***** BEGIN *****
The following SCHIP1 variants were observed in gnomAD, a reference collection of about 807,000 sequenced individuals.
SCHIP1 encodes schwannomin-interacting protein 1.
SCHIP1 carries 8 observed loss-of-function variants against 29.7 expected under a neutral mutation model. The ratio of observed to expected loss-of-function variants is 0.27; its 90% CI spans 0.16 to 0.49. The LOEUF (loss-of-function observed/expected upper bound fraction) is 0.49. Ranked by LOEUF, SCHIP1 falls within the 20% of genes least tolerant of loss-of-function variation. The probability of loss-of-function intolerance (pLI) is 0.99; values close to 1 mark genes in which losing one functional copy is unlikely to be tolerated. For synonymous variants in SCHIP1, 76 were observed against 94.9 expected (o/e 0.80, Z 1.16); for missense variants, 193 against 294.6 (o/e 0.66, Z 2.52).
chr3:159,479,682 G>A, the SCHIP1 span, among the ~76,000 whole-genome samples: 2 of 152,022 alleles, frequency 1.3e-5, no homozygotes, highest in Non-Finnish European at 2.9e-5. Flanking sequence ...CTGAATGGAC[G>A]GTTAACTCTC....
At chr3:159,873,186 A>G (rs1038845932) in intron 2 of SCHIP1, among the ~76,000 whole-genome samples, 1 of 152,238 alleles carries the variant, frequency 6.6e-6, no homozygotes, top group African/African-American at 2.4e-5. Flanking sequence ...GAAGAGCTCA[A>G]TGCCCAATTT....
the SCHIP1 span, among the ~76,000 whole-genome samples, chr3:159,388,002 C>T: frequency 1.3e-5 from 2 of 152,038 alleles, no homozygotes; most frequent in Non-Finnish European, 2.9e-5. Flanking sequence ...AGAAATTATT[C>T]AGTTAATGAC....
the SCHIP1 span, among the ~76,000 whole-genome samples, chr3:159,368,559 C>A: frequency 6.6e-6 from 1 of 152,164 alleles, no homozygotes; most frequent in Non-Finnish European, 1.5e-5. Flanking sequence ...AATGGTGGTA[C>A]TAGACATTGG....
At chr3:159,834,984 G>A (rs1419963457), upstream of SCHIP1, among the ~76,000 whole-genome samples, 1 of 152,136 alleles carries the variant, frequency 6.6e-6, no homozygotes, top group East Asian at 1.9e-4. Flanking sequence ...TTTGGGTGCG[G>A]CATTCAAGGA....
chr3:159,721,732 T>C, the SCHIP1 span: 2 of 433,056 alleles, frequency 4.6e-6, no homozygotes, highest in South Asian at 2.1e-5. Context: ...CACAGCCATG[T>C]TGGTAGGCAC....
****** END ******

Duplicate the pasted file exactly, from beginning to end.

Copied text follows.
The following SCHIP1 variants were observed in gnomAD, a reference collection of about 807,000 sequenced individuals.
SCHIP1 encodes schwannomin-interacting protein 1.
SCHIP1 carries 8 observed loss-of-function variants against 29.7 expected under a neutral mutation model. The ratio of observed to expected loss-of-function variants is 0.27; its 90% CI spans 0.16 to 0.49. The LOEUF (loss-of-function observed/expected upper bound fraction) is 0.49. Ranked by LOEUF, SCHIP1 falls within the 20% of genes least tolerant of loss-of-function variation. The probability of loss-of-function intolerance (pLI) is 0.99; values close to 1 mark genes in which losing one functional copy is unlikely to be tolerated. For synonymous variants in SCHIP1, 76 were observed against 94.9 expected (o/e 0.80, Z 1.16); for missense variants, 193 against 294.6 (o/e 0.66, Z 2.52).
chr3:159,479,682 G>A, the SCHIP1 span, among the ~76,000 whole-genome samples: 2 of 152,022 alleles, frequency 1.3e-5, no homozygotes, highest in Non-Finnish European at 2.9e-5. Flanking sequence ...CTGAATGGAC[G>A]GTTAACTCTC....
At chr3:159,873,186 A>G (rs1038845932) in intron 2 of SCHIP1, among the ~76,000 whole-genome samples, 1 of 152,238 alleles carries the variant, frequency 6.6e-6, no homozygotes, top group African/African-American at 2.4e-5. Flanking sequence ...GAAGAGCTCA[A>G]TGCCCAATTT....
the SCHIP1 span, among the ~76,000 whole-genome samples, chr3:159,388,002 C>T: frequency 1.3e-5 from 2 of 152,038 alleles, no homozygotes; most frequent in Non-Finnish European, 2.9e-5. Flanking sequence ...AGAAATTATT[C>T]AGTTAATGAC....
the SCHIP1 span, among the ~76,000 whole-genome samples, chr3:159,368,559 C>A: frequency 6.6e-6 from 1 of 152,164 alleles, no homozygotes; most frequent in Non-Finnish European, 1.5e-5. Flanking sequence ...AATGGTGGTA[C>A]TAGACATTGG....
At chr3:159,834,984 G>A (rs1419963457), upstream of SCHIP1, among the ~76,000 whole-genome samples, 1 of 152,136 alleles carries the variant, frequency 6.6e-6, no homozygotes, top group East Asian at 1.9e-4. Flanking sequence ...TTTGGGTGCG[G>A]CATTCAAGGA....
chr3:159,721,732 T>C, the SCHIP1 span: 2 of 433,056 alleles, frequency 4.6e-6, no homozygotes, highest in South Asian at 2.1e-5. Context: ...CACAGCCATG[T>C]TGGTAGGCAC....